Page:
noun (plural majorities)
- Should I really just accept decisions of the majority of the town council, and not speak out if I believe them to be wrong?
- I totally agree with the thought that he is mistaken in the majority of his decisions, don't you?
- Medieval agriculture was undertaken by peasants who of course constituted the overwhelming majority of the total population.
- At the last general election in 2001 he had a majority of 4,275 votes over the Conservative candidate.
- He currently has a majority of 4,922 votes - surely enough to defeat the Conservative in second place.
- In this example, the clear winner is candidate A with a majority over Candidate B of 5,000.
- McKibbin is right, however, to point out that massive Parliamentary majorities emasculate political parties and their ideologies.
- In last June's general elections, the party lost its parliamentary majority.
- Following a number of defections from other parties, Thai Rak Thai commanded an absolute majority in parliament.
- David was not convicted of a criminal offence after the age of majority.
- As each beneficiary reaches the age of majority, the rule in Saunders and Vautier may apply.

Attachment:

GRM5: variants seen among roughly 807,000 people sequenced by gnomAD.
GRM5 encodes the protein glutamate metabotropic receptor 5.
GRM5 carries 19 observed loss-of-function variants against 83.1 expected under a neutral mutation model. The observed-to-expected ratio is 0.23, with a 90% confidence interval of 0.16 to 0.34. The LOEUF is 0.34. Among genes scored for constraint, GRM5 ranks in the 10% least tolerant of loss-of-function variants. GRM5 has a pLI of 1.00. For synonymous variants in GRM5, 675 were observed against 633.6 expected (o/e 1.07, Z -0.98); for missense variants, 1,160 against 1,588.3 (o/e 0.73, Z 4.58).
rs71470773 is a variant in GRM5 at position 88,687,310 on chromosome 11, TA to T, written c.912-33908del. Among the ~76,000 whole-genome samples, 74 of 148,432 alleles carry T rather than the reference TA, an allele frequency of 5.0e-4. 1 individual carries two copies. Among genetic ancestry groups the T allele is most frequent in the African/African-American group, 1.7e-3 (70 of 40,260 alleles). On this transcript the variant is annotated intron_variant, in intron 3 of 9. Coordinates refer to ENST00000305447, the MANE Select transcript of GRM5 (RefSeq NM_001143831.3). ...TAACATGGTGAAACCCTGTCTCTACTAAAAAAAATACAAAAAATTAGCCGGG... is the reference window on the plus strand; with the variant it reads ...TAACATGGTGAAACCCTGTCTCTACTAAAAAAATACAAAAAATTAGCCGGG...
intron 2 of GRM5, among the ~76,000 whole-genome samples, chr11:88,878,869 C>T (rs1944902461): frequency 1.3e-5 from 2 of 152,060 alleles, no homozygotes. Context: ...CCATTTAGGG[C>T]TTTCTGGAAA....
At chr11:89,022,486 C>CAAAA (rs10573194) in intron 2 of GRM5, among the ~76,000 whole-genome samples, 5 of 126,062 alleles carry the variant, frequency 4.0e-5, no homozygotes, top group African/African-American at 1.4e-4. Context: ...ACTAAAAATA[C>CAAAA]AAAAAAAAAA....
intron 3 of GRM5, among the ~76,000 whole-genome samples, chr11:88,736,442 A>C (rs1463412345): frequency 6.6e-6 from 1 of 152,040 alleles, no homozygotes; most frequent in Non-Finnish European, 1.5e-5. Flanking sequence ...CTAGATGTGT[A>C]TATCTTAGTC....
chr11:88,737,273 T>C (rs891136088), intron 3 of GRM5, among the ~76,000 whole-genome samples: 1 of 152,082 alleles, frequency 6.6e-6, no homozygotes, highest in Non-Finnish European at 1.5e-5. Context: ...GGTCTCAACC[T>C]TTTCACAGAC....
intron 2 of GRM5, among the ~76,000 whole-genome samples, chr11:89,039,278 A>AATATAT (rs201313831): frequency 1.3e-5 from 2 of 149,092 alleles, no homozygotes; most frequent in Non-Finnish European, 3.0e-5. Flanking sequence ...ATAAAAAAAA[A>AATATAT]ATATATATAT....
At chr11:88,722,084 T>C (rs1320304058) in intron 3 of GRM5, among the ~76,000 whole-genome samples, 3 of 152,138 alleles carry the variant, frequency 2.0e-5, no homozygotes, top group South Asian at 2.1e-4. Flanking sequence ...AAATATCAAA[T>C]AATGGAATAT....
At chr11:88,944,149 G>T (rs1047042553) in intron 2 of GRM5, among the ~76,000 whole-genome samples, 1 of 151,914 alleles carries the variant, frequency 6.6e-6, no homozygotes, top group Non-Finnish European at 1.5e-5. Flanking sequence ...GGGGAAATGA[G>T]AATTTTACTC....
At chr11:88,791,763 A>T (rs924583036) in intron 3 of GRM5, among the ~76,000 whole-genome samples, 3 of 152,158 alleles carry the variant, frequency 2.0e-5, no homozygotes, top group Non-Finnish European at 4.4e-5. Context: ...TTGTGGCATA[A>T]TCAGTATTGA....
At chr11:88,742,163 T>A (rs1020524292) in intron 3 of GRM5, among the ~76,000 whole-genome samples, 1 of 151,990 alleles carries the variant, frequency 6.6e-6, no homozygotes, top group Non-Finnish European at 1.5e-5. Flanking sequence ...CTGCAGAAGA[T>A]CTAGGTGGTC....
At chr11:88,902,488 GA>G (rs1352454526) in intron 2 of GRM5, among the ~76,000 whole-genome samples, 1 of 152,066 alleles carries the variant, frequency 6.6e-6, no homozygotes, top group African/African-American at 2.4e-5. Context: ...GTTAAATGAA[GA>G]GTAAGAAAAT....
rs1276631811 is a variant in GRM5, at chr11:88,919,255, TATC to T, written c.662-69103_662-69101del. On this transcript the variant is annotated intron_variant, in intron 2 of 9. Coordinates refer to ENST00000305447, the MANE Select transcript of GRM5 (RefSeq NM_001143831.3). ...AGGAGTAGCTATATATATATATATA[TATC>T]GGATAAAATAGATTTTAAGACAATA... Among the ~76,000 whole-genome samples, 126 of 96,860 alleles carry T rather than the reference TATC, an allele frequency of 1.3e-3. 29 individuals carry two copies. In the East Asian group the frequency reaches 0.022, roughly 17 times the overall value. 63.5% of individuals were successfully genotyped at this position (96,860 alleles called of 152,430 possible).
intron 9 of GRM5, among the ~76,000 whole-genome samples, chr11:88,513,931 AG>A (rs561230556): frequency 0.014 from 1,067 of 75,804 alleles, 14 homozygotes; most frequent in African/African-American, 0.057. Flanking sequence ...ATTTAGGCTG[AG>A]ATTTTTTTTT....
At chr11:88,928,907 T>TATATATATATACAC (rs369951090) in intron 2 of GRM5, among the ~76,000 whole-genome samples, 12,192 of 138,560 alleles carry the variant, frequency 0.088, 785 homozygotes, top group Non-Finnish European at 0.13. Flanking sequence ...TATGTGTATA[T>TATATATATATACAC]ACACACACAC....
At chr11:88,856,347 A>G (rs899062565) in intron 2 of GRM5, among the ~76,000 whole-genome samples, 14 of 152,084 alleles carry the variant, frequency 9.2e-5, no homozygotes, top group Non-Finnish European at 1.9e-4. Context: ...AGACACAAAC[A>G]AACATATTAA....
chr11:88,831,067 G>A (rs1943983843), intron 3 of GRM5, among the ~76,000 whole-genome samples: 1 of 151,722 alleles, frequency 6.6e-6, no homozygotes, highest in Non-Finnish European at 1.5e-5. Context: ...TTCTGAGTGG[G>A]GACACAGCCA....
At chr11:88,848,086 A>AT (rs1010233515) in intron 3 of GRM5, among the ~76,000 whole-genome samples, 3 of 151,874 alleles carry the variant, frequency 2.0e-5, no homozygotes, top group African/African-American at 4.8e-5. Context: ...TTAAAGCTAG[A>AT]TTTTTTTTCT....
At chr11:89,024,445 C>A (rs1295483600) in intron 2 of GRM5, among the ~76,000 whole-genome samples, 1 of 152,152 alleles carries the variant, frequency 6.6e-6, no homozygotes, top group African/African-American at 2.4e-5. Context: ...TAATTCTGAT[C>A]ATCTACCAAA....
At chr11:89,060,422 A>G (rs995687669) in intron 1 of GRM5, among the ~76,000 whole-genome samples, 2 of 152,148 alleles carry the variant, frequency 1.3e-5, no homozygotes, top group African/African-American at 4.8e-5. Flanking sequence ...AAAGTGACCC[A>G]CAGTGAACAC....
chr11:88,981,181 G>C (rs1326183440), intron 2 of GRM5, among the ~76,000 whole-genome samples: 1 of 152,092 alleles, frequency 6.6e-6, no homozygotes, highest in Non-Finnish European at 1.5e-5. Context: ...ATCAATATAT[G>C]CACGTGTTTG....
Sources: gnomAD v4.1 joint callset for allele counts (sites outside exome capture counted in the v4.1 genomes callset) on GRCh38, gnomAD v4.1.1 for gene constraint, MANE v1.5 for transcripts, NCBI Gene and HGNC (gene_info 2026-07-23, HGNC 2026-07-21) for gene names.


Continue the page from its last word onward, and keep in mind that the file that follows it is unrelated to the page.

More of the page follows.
- That injunction was of unlimited duration, although it would inevitably end when the ward reached the age of majority.
mid 16th century (denoting superiority): from French majorité, from medieval Latin majoritas, from Latin major (see major).
Strictly speaking, majority should be used with countable nouns to mean ‘the greater number’, as in the majority of cases. Use with uncountable nouns to mean ‘the greatest part’, as in I spent the majority of the day reading, is not considered good standard English, although it is common in informal contexts.
be in the majority
- Belong to or constitute the larger group or number: publishing houses where women are in the majorityMore example sentences
- You know as youths, we do not like being in the majority and yet dominated by those in the minority.
- This is more a function of the corrupting affect of being in the majority, I think, than of which ideology is dominant.
- Students I interviewed who attended southern schools said that right-of-center kids were in the majority and set the tone.